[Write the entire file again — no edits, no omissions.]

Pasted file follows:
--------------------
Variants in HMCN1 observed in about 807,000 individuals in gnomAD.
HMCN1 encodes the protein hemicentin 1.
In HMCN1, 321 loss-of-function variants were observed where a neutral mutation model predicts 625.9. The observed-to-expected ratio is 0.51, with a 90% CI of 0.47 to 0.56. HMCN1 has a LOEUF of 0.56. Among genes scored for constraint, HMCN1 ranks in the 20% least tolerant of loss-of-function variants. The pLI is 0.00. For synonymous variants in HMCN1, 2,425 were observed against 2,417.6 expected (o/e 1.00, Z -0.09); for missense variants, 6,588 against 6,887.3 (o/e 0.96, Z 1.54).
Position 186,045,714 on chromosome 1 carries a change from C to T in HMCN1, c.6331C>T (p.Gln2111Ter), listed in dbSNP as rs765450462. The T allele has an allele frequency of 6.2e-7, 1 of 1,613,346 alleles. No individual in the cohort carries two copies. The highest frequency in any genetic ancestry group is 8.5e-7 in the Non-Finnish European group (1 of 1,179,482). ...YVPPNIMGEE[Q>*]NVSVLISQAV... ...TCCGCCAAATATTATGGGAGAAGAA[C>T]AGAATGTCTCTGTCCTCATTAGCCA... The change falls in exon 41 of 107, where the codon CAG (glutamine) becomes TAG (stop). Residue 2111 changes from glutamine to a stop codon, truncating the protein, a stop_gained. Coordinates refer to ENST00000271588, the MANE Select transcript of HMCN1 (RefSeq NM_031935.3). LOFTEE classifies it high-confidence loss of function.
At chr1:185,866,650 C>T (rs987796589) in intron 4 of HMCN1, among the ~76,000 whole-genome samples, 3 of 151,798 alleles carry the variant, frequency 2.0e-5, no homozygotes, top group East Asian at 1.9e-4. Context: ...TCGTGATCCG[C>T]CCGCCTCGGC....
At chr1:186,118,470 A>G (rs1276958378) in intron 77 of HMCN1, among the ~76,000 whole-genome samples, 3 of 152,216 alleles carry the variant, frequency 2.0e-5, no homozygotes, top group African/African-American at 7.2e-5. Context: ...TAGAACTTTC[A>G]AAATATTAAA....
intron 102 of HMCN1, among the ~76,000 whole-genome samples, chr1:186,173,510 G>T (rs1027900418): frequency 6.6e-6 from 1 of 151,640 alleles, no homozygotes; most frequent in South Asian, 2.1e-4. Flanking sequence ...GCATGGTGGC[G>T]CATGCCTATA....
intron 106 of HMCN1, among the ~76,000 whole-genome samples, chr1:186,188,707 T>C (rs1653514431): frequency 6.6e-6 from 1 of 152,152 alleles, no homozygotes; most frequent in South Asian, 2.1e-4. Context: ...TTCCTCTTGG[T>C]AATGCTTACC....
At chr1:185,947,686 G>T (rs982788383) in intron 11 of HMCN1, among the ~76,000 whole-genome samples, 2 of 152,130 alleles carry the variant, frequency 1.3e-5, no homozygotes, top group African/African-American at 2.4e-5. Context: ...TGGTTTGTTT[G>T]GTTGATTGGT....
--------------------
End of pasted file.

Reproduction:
Variants in HMCN1 observed in about 807,000 individuals in gnomAD.
HMCN1 encodes the protein hemicentin 1.
In HMCN1, 321 loss-of-function variants were observed where a neutral mutation model predicts 625.9. The observed-to-expected ratio is 0.51, with a 90% CI of 0.47 to 0.56. HMCN1 has a LOEUF of 0.56. Among genes scored for constraint, HMCN1 ranks in the 20% least tolerant of loss-of-function variants. The pLI is 0.00. For synonymous variants in HMCN1, 2,425 were observed against 2,417.6 expected (o/e 1.00, Z -0.09); for missense variants, 6,588 against 6,887.3 (o/e 0.96, Z 1.54).
Position 186,045,714 on chromosome 1 carries a change from C to T in HMCN1, c.6331C>T (p.Gln2111Ter), listed in dbSNP as rs765450462. The T allele has an allele frequency of 6.2e-7, 1 of 1,613,346 alleles. No individual in the cohort carries two copies. The highest frequency in any genetic ancestry group is 8.5e-7 in the Non-Finnish European group (1 of 1,179,482). ...YVPPNIMGEE[Q>*]NVSVLISQAV... ...TCCGCCAAATATTATGGGAGAAGAA[C>T]AGAATGTCTCTGTCCTCATTAGCCA... The change falls in exon 41 of 107, where the codon CAG (glutamine) becomes TAG (stop). Residue 2111 changes from glutamine to a stop codon, truncating the protein, a stop_gained. Coordinates refer to ENST00000271588, the MANE Select transcript of HMCN1 (RefSeq NM_031935.3). LOFTEE classifies it high-confidence loss of function.
At chr1:185,866,650 C>T (rs987796589) in intron 4 of HMCN1, among the ~76,000 whole-genome samples, 3 of 151,798 alleles carry the variant, frequency 2.0e-5, no homozygotes, top group East Asian at 1.9e-4. Context: ...TCGTGATCCG[C>T]CCGCCTCGGC....
At chr1:186,118,470 A>G (rs1276958378) in intron 77 of HMCN1, among the ~76,000 whole-genome samples, 3 of 152,216 alleles carry the variant, frequency 2.0e-5, no homozygotes, top group African/African-American at 7.2e-5. Context: ...TAGAACTTTC[A>G]AAATATTAAA....
intron 102 of HMCN1, among the ~76,000 whole-genome samples, chr1:186,173,510 G>T (rs1027900418): frequency 6.6e-6 from 1 of 151,640 alleles, no homozygotes; most frequent in South Asian, 2.1e-4. Flanking sequence ...GCATGGTGGC[G>T]CATGCCTATA....
intron 106 of HMCN1, among the ~76,000 whole-genome samples, chr1:186,188,707 T>C (rs1653514431): frequency 6.6e-6 from 1 of 152,152 alleles, no homozygotes; most frequent in South Asian, 2.1e-4. Context: ...TTCCTCTTGG[T>C]AATGCTTACC....
At chr1:185,947,686 G>T (rs982788383) in intron 11 of HMCN1, among the ~76,000 whole-genome samples, 2 of 152,130 alleles carry the variant, frequency 1.3e-5, no homozygotes, top group African/African-American at 2.4e-5. Context: ...TGGTTTGTTT[G>T]GTTGATTGGT....